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Character concept and design

Darth Mongoose at 6:35AM, Sept. 3, 2007

The basics of making a character for a comic


(4 star average out of 19 votes)

Creating a character for a comic doesn't need to be hard, and it doesn't matter where the primary inspiration for the character comes from. There are some things to look out for though…

I'm focusing on design and creation of major characters here. You will find that often minor characters can break a number of the rules I lay down here and still work.
So, to begin, the concept. If your character is meant to fit in with a cast who are already in the comic, or are taken from a series (if it's a fancomic or spin-off) or in a situation where you've already designed some characters, you must consider how your character will fit in with the rest of the group.
It's easy to fall into the trap of creating an entire cast of heroes who are the kind of characters you like…

….However, this approach soon leads to problems when nobody can tell your characters apart, nobody becomes attached to a particular character, and the characters don't have anything to talk about. If you put two stoic badass characters in a room together, they'll probably stand in either corner glaring at each other, which doesn't really give much room for interesting dialogue.
Try to vary your cast so that they all have reasons to like or dislike each other, and some ground for conflict.
Even characters who have the same goal, like say, a party of adventurers searching for a lost city…Let's just make some up…

The characters have ended up together because of a common goal, but between them, they all have personal motivations and feelings at work. They don't need to be as simple and cliched as the bunch I just made up. A character's reasons for liking or disliking another character could be multiple and nuanced.


Your character's place in the world is important to consider. Be wary of whimsical characters who don't fit with the setting…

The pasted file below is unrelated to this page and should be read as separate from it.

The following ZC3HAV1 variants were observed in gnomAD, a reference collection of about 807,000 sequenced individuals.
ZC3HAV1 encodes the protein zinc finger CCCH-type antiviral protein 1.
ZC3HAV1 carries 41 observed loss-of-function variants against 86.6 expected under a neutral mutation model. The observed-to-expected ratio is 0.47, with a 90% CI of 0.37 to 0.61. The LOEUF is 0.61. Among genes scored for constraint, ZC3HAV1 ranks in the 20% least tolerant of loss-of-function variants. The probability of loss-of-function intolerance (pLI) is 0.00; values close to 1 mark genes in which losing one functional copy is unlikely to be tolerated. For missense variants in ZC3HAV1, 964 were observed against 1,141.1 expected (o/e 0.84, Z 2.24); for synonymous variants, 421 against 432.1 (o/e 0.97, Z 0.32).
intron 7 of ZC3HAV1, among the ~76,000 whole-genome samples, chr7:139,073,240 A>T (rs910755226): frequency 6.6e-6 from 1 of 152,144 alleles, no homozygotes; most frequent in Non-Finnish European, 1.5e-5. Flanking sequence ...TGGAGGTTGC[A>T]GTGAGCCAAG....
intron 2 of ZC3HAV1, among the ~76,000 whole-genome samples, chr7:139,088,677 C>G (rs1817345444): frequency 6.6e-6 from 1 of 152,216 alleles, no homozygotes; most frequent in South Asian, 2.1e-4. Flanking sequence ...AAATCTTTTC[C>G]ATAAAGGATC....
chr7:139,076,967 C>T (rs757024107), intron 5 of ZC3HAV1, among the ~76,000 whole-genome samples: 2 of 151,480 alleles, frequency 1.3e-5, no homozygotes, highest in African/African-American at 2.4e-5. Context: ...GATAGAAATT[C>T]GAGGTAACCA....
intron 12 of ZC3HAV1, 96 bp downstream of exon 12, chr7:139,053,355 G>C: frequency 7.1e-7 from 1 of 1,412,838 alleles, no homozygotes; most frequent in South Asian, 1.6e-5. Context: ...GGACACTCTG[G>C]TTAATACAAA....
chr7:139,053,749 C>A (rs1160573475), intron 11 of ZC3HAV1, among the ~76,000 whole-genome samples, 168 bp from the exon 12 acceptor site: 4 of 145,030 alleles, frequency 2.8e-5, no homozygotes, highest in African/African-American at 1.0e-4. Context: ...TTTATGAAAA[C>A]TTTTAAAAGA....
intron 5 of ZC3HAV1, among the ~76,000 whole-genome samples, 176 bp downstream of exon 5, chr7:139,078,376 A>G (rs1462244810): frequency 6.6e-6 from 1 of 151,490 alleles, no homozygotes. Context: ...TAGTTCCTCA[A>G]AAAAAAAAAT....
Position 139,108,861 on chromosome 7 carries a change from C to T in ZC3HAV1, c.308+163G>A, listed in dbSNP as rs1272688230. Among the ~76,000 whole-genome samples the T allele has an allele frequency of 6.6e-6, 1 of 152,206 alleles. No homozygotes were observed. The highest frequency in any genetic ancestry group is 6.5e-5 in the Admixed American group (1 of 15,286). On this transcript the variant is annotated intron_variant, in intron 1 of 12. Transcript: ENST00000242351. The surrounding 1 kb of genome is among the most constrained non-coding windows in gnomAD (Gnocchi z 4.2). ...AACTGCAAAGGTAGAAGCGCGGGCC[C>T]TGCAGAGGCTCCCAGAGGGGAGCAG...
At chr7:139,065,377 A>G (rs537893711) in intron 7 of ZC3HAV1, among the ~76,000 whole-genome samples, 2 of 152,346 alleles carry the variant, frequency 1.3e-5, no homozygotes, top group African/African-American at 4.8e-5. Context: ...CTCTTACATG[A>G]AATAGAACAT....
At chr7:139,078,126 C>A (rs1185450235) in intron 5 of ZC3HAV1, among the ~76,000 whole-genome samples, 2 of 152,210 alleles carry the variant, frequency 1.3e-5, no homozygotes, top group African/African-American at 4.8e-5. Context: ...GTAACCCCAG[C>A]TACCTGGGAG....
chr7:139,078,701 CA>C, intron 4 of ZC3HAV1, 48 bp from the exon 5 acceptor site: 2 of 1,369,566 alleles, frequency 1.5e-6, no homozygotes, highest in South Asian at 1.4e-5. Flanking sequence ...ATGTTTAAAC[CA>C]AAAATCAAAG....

If it's an intentional comic device, or the entire comic is full of wacky, whimsical stuff, then this kind of things works perfectly. Take ‘Hellboy’ for example, in which we feel totally at ease with a demonic paranormal investigator fighting zombie nazis. As a general guideline, the more serious and realistic your comic is, the less people are willing to suspend disbelief. Once you establish the rules of the world in which your comic is set, people will happily believe characters who fit within these rules. A magician fits in fine in a fantasy setting, and in an over-the-top, hyper-real setting, people will suspend disbelief of things like gigantic manga swords, ridiculous hairstyles and people fighting in high heels and corsets.

So…onto character design. Take your concept and refine it down to simple facts. How old is your character? How tall? What does s/he do? What setting does the character live in?
Here's an example character. He's a space cowboy who lives in a ‘Firefly’/'Star Wars'/'Cowboy Beebop' kind of rough, lived-in sci-fi universe. To make him look weary and sarcastic, I've given him small eyes. The bigger, wider and brighter a character's eyes, the more honest, innocent and open they will tend to look. I've given him an angular, clean shaven face, and neat hair which makes him look young and like he cares for his appearance, the angular look makes him a little edgy and gaunt too, like he's used to missing meals now and again. The neat eyepatch has echoes of ‘pirate’, can tie in as a possible plotpoint and makes an interesting feature. Note down details such as the exact shape of any jewellery, and in this case, the toggles on the coat, how his gun looks and a quick sketch of how he looks from behind.

This much or less is probably the level of detail you should go for in a comic. If you go further, adding more and more bits, you may end up with a character who looks cool, but you WILL regret it when you have to draw them more than once or twice. If you keep forgetting bits of detail or you ‘chibify’ or simplify your character more panels than not, it's often a sign that your design is too complex and needs reconsidering. Leave really complex designs like this for video game designs….

Try drawing your character a few times. If you're not sick of drawing them after that, then you're probably onto a winner.
Good luck and have fun!

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